To compare the effect of the coral morphology, the substrates surrounding the coral colonies and the size of the colony on the average colony colour, a three-factor analysis of covariance (ANCOVA) was performed. The model included coral colony colour as the dependent continuous variable, coral growth morph as a fixed factor with four levels (A, B, P and M), surrounding substrate as a fixed factor with three levels (S, R and D) and colony size as a continuous predictor (covariate). The assumption of homogeneity of variance as well as equality of variance (for the covariate) was tested and satisfied for both the categorical predictors and the covariates including the interactions. Because the range of values for the covariate (colony size) was different between the morphologies (Acropora 25–25,800, Branching 25–8,000, Massive 20–2,000, Porites 20–2,500 cm2), a separate slopes model was used for the covariate. This model is equivalent to a nested model for categorical factors; therefore, only the highest level interaction of the covariate is included in the model (Hill and Lewicki 2006) When a statistically significant difference was found, the least significant distance test (LSD) was used to determine which of the levels of the variable were different. All the statistical analyses were done using STATISTICA (Data Analysis Software System), v7 (StatSoft, Inc. 2004).
Results and discussion
Of the 2001 colonies studied, 11.3% had average colours that were lower than 2 (highly bleached), while 33.3 and 36.8% had intermediate colours (average 2–3 and 3–4), respectively, and 17.85% were very dark in colour (4–6). This relatively low percentage of heavily bleached colonies suggests that the bleaching event on Heron Island reef flat in 2006 can be considered mild in comparison with other bleaching events where the percentage of bleached colonies varied between 25 and 95% (Glynn 1983, 1996; Faure et al. 1984; Phongsuwan 1998; Berkelmans and Oliver 1999; McGrath and Smith 2003; Donner et al. 2005; Miller et al. 2006).
Three factor ANCOVA with separate slopes model for the continuous predictor (colony size)
Post hoc LSD test
Morph × surrounding × size
Morphology × surrounding
AxS, AxR, AxD > MxS, MxD, PxD, PxR
BxS, BxR, BxD > MxS MxD, PxD, PxR
MxS < MxR
The effect of surrounding substrate on colony susceptibility to bleaching had not been studied before but appears to be important. In this study, ‘other massive corals’ surrounded by sand were bleached to a greater extent (lower colour scores) than ‘other massive corals’ surrounded by rubble, while ‘other massive corals’ surrounded by dead coral presented intermediate colour values (Fig. 1, significant LSD differences showed in Table 1). It is hypothesized that the highly reflective sands amplify the light intensity surrounding coral colonies and that this increases the extent of bleaching arising from thermal stress, as predicted from our physiological understanding of bleaching (Jones et al. 1998; Hoegh-Guldberg 1999). It was noticed that the ‘other massive corals’ surrounded by sand were generally lighter in colour on the sides of the colony in comparison with the sides of ‘other massive corals’ surrounded by rubble or dead coral. This contrasts with the effect of substrates such as rubble or dead coral, which are commonly covered by a layer of algae that would potentially absorb light and minimize the reflection of light onto the coral colonies. In the case of the branching corals, the effect is not as strong probably because of the fact that branching corals on the Heron Island reef flat form dense thickets where only a small proportion of the live tissue is exposed to the reflectance from the sand. In contrast to ‘other massive corals’, this effect was not evident in massive Porites. The bigger size of the Porites colonies on the Heron reef flat (about six times bigger in average than all the other massive species) makes the proportion of the colony exposed to the effect of the sand reflectance much smaller. This result may be of particular importance for further studies that aim to predict mass bleaching events. Particularly for remote sensing approaches, where detecting the proportion of sand in a reef is one of the best developed capabilities of remote sensing coral reef mapping (Mumby et al. 1997; Andrefouet and Robinson 2003; Phinn et al. 2005). If the relationship between proportion of sand and bleaching susceptibility is a general pattern, (the small scale of this study does not allow for this type of generalisation) then, including the sand/rubble ratio in coral bleaching models would potentially improve the accuracy of such models.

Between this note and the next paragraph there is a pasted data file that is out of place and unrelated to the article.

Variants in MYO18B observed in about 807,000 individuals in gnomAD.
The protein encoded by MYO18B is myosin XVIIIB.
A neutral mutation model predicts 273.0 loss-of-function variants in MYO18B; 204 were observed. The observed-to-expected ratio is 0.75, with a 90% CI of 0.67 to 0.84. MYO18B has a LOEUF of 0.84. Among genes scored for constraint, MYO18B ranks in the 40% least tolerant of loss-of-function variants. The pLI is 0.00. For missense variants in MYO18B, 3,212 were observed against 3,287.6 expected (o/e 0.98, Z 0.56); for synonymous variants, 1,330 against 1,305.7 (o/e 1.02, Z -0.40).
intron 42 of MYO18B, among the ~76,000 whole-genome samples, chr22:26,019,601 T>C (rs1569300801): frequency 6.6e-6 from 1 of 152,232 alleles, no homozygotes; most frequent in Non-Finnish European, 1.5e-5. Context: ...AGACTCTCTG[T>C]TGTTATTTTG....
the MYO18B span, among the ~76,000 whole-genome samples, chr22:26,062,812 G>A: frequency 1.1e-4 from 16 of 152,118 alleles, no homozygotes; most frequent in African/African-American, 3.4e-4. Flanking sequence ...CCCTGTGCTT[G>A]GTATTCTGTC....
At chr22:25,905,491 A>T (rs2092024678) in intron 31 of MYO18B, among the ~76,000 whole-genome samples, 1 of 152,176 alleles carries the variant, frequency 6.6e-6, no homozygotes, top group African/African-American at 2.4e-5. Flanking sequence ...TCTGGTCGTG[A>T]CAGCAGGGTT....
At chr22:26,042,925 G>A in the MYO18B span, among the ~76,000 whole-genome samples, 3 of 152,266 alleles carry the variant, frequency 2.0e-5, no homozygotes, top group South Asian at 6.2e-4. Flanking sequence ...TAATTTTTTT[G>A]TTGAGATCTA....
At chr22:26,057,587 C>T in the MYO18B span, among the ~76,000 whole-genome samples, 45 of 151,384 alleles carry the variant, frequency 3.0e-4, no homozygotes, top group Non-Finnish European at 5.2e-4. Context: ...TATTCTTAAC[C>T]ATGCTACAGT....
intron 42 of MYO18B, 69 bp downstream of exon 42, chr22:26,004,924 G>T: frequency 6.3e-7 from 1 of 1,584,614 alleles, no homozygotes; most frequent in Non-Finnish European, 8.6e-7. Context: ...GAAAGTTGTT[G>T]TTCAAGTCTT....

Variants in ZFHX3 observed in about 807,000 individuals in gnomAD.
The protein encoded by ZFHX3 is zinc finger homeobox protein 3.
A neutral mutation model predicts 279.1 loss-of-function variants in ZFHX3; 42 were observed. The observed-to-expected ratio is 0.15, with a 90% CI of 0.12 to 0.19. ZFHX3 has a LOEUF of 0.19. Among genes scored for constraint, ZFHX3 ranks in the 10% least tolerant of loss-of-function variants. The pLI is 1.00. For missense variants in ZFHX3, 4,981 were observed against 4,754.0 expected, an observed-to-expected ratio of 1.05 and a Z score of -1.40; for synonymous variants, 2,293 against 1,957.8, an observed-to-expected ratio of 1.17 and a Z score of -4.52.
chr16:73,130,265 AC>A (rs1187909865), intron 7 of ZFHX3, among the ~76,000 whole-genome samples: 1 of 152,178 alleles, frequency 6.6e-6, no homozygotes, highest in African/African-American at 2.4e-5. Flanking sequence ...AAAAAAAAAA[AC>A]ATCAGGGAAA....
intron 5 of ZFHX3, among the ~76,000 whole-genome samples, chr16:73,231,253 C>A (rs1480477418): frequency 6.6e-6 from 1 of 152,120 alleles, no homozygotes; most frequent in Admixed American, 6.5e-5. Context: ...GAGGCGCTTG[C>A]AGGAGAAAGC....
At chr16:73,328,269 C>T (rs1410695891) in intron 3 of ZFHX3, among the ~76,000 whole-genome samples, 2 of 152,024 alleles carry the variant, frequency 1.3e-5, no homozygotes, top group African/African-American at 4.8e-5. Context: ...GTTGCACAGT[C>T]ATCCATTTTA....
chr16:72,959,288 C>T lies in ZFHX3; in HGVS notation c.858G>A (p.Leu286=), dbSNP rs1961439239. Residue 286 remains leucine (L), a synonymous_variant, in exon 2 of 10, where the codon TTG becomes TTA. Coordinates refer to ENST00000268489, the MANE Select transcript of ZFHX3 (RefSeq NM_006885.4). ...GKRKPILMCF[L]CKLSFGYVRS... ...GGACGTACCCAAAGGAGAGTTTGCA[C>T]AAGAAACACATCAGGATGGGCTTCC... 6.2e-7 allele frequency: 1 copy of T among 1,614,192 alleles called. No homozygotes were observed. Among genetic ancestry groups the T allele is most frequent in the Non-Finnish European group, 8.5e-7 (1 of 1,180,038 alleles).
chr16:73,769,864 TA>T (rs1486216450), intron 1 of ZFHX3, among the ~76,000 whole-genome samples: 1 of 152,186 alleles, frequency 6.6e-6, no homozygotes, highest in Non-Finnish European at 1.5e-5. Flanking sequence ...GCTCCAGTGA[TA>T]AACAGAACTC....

This study has suggested that the ecological dynamics of mild versus severe bleaching events may differ. These differences may have relevance for understanding how relatively small changes in environmental conditions over the next few decades may modify the growth, reproduction and community dynamics of coral communities and have important ramifications for how managers respond to the changing fortunes of different species and growth morphologies of corals. Clearly, these aspects of the ecology of mild coral bleaching need consideration in future studies.
The authors would like to thank Zubin Agarwal, Rahul Vasavada and Boyko Kakaradov from the Stanford University–University of Queensland study abroad program for their help with the fieldwork component of this project.